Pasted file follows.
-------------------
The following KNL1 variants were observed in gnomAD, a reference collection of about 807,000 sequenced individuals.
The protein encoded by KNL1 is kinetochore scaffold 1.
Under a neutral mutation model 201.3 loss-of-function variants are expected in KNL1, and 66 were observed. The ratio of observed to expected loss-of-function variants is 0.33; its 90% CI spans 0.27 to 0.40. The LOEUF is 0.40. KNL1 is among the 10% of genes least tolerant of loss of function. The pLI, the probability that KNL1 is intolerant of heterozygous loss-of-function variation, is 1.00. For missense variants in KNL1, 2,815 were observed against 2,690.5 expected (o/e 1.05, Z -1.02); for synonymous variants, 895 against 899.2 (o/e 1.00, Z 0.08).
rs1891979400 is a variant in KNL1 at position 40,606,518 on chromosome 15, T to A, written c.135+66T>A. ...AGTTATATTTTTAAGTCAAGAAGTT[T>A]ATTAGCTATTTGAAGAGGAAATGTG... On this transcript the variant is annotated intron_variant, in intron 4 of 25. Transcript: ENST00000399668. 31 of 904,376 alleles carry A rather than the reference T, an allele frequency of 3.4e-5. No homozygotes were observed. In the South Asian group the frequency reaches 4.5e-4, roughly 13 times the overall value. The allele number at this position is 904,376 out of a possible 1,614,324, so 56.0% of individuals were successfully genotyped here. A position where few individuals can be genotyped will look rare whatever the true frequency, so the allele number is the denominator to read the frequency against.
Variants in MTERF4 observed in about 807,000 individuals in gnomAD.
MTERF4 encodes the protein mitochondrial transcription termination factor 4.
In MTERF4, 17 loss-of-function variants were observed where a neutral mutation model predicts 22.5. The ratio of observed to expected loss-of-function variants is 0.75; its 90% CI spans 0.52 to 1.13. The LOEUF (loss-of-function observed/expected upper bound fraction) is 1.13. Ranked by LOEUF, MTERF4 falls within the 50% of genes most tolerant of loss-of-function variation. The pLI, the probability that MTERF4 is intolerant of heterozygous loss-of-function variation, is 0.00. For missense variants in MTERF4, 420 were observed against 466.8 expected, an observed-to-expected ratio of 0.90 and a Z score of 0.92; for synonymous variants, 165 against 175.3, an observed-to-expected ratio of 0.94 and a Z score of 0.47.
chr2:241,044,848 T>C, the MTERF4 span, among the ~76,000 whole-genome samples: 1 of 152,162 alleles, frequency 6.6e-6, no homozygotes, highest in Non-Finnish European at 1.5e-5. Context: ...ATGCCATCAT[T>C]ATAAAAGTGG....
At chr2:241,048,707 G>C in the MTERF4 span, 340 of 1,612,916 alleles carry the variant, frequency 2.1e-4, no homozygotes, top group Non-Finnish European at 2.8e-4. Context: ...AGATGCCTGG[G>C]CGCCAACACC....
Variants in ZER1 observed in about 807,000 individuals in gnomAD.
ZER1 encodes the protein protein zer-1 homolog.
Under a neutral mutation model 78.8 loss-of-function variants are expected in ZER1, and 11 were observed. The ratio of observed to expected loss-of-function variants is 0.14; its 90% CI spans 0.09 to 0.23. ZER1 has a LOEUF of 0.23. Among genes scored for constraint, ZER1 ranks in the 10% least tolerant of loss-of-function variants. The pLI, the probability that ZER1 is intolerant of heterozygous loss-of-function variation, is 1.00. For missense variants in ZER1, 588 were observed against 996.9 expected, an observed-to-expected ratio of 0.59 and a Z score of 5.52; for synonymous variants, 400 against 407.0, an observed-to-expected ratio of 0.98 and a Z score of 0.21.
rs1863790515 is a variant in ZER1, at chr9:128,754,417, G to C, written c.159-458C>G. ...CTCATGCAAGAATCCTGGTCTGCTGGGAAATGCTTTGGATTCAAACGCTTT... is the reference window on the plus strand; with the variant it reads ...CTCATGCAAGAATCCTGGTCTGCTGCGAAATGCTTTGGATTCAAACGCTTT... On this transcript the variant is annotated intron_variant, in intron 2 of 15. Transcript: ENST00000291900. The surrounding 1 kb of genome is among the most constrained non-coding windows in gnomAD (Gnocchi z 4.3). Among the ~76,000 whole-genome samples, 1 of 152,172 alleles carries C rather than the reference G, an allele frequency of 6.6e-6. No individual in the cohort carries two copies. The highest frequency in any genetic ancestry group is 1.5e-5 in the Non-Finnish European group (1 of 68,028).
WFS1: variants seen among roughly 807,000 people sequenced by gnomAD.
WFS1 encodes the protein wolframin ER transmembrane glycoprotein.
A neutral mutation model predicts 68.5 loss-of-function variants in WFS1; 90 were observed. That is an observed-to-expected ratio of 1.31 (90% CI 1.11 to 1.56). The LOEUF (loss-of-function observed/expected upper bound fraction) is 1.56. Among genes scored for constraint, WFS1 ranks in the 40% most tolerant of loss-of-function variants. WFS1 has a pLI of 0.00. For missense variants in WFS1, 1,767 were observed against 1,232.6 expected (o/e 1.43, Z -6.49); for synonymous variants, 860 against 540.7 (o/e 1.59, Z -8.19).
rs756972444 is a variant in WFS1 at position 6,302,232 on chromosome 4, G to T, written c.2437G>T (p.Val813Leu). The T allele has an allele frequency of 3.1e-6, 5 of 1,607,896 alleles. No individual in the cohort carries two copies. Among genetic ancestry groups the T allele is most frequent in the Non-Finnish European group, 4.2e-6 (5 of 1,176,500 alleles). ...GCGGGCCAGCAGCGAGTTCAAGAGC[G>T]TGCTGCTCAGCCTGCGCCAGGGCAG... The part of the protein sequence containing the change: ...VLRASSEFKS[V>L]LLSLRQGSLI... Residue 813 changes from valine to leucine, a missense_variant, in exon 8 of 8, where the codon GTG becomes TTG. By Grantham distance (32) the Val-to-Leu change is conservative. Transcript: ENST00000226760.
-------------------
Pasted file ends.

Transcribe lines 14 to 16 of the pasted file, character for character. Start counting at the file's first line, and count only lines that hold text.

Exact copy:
WFS1: variants seen among roughly 807,000 people sequenced by gnomAD.
WFS1 encodes the protein wolframin ER transmembrane glycoprotein.
A neutral mutation model predicts 68.5 loss-of-function variants in WFS1; 90 were observed. That is an observed-to-expected ratio of 1.31 (90% CI 1.11 to 1.56). The LOEUF (loss-of-function observed/expected upper bound fraction) is 1.56. Among genes scored for constraint, WFS1 ranks in the 40% most tolerant of loss-of-function variants. WFS1 has a pLI of 0.00. For missense variants in WFS1, 1,767 were observed against 1,232.6 expected (o/e 1.43, Z -6.49); for synonymous variants, 860 against 540.7 (o/e 1.59, Z -8.19).